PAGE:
Novel cell therapies, including gene therapy for Sickle Cell Disease (SCD) require a relative large number of stem cells collected from peripheral blood for cell manipulation and subsequent transfusion. Current methods rely on centrifugal apheresis, which is associated with poor collection efficiency owing to the altered migration patterns of SCD red cells. Even when collected, products are highly contaminated with red cells requiring further processing and the corresponding cell loss alters transduction strategies and the net therapeutic dose. Poor collections limit the ability of SCD patients to fully participate in clinical cell therapy trials, and there is a great need to overcome this problem. SCD patients more likely require repeated collections using plerixafor alone, increasing costs and morbidity. To improve PBSC collections, we will test an alternative method of cell separation, acoustic apheresis, for the ability to further separate and enrich stem cells from peripheral blood to allow for the treatment of SCD patients. Current collections from SCD patients yield large volume products with high hematocrits and acoustophoresis can improve this obstacle. In the first aim of the proposal, we will test acoustophoresis on normal blood and apheresis products to understand how various peripheral blood cells can be fractionated and collected. We will then test acoustophoresis on sickle blood and characterize the functional dynamics of red cells following the separation procedure. These studies are geared toward the goal of successfully collecting and enriching stem cells from SCD patients, and will furthermore elucidate the heterogeneity of red cells and their functional dynamics in SCD with correlates for iron deficiency anemia and other hemoglobinopathies. In the second aim of the proposal, we will develop instrumentation to perform separations at higher flow rates, with the vision that acoustophoresis could in the future supplement conventional apheresis in real time as products are collected. This technology could safely collect both cellular and red cell fractions for clinical use. Acoustophoresis is best studied and introduced clinically by Transfusion Medicine as this is where patients intersect with those who collect cells and those who treat. As more trials of cell therapy launch, Transfusion Medicine has the ability to transform the field and directly aid patients to achieve therapy.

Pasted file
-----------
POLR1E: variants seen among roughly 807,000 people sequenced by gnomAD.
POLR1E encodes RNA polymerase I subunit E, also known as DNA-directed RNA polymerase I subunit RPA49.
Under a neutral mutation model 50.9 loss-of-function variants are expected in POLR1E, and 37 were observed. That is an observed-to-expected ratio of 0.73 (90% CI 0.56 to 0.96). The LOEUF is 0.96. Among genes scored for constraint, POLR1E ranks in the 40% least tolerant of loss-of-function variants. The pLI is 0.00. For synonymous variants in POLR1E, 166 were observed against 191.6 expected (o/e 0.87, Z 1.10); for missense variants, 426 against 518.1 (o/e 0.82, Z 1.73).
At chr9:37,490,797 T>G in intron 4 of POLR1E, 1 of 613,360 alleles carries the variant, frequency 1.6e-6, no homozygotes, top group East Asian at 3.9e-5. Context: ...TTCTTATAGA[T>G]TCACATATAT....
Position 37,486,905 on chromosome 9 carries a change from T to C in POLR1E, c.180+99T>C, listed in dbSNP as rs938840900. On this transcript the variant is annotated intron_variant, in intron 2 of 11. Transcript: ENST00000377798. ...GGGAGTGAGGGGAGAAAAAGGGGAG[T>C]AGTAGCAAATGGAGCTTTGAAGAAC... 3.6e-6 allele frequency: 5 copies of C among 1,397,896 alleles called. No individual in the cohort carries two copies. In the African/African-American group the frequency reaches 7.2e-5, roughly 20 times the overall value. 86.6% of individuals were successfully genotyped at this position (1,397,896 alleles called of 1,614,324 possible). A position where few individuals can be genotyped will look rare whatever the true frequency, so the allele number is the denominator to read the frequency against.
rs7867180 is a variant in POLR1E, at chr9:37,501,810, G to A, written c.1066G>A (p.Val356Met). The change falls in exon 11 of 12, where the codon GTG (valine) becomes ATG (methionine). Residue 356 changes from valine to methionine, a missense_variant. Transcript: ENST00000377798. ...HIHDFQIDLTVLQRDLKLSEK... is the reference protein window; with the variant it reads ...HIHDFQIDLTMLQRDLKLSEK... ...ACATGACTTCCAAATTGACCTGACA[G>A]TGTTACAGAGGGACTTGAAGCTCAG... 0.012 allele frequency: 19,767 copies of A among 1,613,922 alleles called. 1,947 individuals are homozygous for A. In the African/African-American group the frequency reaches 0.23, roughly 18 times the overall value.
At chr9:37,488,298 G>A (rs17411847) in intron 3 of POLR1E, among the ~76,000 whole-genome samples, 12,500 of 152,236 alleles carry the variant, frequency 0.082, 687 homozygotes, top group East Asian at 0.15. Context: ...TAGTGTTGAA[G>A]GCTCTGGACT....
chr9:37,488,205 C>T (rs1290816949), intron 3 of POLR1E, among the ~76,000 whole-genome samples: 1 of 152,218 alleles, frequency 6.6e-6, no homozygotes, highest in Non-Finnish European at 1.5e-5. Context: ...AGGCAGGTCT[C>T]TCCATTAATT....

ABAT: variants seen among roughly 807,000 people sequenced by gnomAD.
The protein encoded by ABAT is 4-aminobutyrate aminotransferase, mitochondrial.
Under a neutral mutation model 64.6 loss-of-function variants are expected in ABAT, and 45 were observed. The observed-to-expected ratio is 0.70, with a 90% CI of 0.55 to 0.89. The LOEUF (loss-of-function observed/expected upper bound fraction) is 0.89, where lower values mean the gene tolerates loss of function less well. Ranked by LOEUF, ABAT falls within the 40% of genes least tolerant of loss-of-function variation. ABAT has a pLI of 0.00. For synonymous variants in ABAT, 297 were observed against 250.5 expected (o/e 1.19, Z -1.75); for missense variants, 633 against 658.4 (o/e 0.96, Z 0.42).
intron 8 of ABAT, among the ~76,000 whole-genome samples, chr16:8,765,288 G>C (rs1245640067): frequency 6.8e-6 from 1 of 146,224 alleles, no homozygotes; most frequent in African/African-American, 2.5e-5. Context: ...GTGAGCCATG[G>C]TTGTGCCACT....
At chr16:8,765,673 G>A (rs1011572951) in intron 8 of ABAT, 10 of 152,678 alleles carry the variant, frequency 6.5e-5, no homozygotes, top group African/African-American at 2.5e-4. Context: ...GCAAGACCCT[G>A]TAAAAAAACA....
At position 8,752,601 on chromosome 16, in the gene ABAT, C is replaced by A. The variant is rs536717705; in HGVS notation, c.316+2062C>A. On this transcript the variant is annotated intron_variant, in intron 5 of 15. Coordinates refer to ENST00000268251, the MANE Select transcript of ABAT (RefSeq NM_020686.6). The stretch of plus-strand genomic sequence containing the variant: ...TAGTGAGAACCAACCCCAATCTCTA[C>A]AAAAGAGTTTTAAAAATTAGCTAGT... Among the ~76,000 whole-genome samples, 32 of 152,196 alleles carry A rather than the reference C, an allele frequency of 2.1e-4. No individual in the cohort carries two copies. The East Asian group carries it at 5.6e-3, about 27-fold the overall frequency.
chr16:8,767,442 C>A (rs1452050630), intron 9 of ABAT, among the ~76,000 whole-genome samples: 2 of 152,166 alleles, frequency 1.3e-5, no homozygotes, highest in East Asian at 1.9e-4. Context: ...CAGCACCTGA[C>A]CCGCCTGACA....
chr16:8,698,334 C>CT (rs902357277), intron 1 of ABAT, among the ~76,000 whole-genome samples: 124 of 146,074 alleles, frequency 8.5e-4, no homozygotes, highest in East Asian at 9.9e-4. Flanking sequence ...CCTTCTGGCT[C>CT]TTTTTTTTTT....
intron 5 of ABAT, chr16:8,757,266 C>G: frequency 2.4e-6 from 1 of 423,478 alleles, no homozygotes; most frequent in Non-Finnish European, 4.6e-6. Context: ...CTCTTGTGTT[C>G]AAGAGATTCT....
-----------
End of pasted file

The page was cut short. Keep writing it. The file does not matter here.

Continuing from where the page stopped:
Current collection methods for peripheral blood stem cells via apheresis are suboptimal for patients with Sickle Cell Disease, owing to the altered migration patterns of sickle cell red cells during centrifugation. We will test an alternative method of cell separation, acoustic apheresis, for its ability to further fractionate and enrich stem cells from peripheral blood, aiming to improve cell collections from patients with Sickle Cell Disease and enable treatment in gene therapy trials. These studies will elucidate the functional dynamics of sickle cell red cells and will develop new methods of cell collection for patients with hemoglobinopathy to improve their medical treatment.